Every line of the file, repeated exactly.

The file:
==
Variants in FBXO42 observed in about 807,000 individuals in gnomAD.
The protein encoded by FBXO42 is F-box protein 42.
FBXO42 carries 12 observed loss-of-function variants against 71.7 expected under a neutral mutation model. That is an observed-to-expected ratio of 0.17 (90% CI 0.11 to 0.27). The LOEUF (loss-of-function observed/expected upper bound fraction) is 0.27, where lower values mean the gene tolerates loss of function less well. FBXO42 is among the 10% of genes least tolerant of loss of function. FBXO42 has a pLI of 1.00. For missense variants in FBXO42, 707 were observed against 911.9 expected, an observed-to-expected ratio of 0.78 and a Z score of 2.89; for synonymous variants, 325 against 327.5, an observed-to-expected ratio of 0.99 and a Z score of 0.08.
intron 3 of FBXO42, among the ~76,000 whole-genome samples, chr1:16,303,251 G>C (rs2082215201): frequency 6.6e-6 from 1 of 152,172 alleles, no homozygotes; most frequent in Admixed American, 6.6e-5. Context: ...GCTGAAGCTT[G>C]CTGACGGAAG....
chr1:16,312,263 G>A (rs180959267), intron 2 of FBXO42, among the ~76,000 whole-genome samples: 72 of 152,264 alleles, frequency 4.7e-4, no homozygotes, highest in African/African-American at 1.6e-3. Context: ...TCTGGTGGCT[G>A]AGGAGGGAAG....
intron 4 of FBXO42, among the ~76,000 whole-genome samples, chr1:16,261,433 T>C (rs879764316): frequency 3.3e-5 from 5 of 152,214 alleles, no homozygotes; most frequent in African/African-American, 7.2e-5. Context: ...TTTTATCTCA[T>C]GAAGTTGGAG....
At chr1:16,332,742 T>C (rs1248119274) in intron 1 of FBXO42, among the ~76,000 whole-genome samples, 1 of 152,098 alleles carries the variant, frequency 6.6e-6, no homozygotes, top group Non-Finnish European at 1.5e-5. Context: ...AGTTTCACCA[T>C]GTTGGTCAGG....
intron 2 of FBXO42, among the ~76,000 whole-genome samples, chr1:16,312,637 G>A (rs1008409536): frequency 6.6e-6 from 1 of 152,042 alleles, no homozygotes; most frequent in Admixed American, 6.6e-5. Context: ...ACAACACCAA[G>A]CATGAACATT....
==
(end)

Variants in FBXO42 observed in about 807,000 individuals in gnomAD.
The protein encoded by FBXO42 is F-box protein 42.
FBXO42 carries 12 observed loss-of-function variants against 71.7 expected under a neutral mutation model. That is an observed-to-expected ratio of 0.17 (90% CI 0.11 to 0.27). The LOEUF (loss-of-function observed/expected upper bound fraction) is 0.27, where lower values mean the gene tolerates loss of function less well. FBXO42 is among the 10% of genes least tolerant of loss of function. FBXO42 has a pLI of 1.00. For missense variants in FBXO42, 707 were observed against 911.9 expected, an observed-to-expected ratio of 0.78 and a Z score of 2.89; for synonymous variants, 325 against 327.5, an observed-to-expected ratio of 0.99 and a Z score of 0.08.
intron 3 of FBXO42, among the ~76,000 whole-genome samples, chr1:16,303,251 G>C (rs2082215201): frequency 6.6e-6 from 1 of 152,172 alleles, no homozygotes; most frequent in Admixed American, 6.6e-5. Context: ...GCTGAAGCTT[G>C]CTGACGGAAG....
chr1:16,312,263 G>A (rs180959267), intron 2 of FBXO42, among the ~76,000 whole-genome samples: 72 of 152,264 alleles, frequency 4.7e-4, no homozygotes, highest in African/African-American at 1.6e-3. Context: ...TCTGGTGGCT[G>A]AGGAGGGAAG....
intron 4 of FBXO42, among the ~76,000 whole-genome samples, chr1:16,261,433 T>C (rs879764316): frequency 3.3e-5 from 5 of 152,214 alleles, no homozygotes; most frequent in African/African-American, 7.2e-5. Context: ...TTTTATCTCA[T>C]GAAGTTGGAG....
At chr1:16,332,742 T>C (rs1248119274) in intron 1 of FBXO42, among the ~76,000 whole-genome samples, 1 of 152,098 alleles carries the variant, frequency 6.6e-6, no homozygotes, top group Non-Finnish European at 1.5e-5. Context: ...AGTTTCACCA[T>C]GTTGGTCAGG....
intron 2 of FBXO42, among the ~76,000 whole-genome samples, chr1:16,312,637 G>A (rs1008409536): frequency 6.6e-6 from 1 of 152,042 alleles, no homozygotes; most frequent in Admixed American, 6.6e-5. Context: ...ACAACACCAA[G>A]CATGAACATT....